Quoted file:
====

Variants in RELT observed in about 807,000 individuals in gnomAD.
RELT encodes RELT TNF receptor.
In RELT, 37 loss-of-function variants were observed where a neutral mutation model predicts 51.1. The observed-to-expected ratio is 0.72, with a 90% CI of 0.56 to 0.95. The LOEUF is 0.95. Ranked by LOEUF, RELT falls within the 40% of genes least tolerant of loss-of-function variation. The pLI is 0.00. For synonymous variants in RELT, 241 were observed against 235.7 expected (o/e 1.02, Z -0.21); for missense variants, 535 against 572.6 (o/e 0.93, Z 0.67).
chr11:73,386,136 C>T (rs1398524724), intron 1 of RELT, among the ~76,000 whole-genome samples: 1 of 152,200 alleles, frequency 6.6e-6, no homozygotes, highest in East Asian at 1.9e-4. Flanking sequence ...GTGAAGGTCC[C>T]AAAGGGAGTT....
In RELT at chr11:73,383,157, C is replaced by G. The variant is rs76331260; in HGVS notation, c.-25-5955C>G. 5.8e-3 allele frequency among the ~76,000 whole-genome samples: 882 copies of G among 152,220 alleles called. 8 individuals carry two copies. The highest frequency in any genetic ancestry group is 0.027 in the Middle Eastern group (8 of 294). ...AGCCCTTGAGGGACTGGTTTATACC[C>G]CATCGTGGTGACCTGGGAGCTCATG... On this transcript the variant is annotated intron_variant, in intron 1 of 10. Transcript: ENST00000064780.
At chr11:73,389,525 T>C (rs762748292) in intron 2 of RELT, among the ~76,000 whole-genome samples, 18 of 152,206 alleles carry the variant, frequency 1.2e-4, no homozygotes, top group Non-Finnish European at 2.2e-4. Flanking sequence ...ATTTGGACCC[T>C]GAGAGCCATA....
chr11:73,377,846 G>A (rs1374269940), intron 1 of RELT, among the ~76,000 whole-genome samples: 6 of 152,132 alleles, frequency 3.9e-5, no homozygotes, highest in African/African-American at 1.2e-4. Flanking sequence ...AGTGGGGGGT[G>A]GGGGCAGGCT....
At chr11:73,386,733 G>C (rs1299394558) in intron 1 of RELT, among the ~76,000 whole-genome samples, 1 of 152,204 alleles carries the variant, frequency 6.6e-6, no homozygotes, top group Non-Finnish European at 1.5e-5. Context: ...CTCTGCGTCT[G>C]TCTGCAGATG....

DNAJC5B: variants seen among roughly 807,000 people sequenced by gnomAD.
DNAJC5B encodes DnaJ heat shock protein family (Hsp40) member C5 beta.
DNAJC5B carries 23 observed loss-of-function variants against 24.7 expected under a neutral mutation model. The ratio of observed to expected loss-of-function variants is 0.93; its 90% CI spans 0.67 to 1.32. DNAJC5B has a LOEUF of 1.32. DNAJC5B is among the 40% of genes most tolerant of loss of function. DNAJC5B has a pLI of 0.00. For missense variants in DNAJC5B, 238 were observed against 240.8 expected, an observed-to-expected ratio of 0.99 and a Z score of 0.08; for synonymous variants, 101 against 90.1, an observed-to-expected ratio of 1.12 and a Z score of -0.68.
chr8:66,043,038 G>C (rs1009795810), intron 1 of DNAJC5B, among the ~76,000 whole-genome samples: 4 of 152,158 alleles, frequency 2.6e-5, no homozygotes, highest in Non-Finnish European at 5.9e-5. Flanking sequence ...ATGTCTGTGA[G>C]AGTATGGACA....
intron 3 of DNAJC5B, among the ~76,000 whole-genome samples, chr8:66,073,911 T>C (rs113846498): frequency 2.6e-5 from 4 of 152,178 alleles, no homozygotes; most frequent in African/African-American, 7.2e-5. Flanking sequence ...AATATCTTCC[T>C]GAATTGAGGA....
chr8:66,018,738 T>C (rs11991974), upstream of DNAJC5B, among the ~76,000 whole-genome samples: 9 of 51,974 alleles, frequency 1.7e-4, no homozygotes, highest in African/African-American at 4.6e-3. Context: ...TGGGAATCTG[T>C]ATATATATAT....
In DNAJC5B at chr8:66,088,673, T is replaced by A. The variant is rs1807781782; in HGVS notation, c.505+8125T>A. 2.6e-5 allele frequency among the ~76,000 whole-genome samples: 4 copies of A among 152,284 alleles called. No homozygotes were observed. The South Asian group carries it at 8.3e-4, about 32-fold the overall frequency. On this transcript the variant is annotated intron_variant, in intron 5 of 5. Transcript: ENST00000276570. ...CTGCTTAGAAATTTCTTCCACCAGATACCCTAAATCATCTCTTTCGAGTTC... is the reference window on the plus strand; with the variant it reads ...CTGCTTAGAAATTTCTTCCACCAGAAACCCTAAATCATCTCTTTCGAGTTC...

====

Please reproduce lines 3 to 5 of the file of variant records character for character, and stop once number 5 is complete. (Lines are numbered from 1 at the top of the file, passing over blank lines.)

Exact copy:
In RELT, 37 loss-of-function variants were observed where a neutral mutation model predicts 51.1. The observed-to-expected ratio is 0.72, with a 90% CI of 0.56 to 0.95. The LOEUF is 0.95. Ranked by LOEUF, RELT falls within the 40% of genes least tolerant of loss-of-function variation. The pLI is 0.00. For synonymous variants in RELT, 241 were observed against 235.7 expected (o/e 1.02, Z -0.21); for missense variants, 535 against 572.6 (o/e 0.93, Z 0.67).
chr11:73,386,136 C>T (rs1398524724), intron 1 of RELT, among the ~76,000 whole-genome samples: 1 of 152,200 alleles, frequency 6.6e-6, no homozygotes, highest in East Asian at 1.9e-4. Flanking sequence ...GTGAAGGTCC[C>T]AAAGGGAGTT....
In RELT at chr11:73,383,157, C is replaced by G. The variant is rs76331260; in HGVS notation, c.-25-5955C>G. 5.8e-3 allele frequency among the ~76,000 whole-genome samples: 882 copies of G among 152,220 alleles called. 8 individuals carry two copies. The highest frequency in any genetic ancestry group is 0.027 in the Middle Eastern group (8 of 294). ...AGCCCTTGAGGGACTGGTTTATACC[C>G]CATCGTGGTGACCTGGGAGCTCATG... On this transcript the variant is annotated intron_variant, in intron 1 of 10. Transcript: ENST00000064780.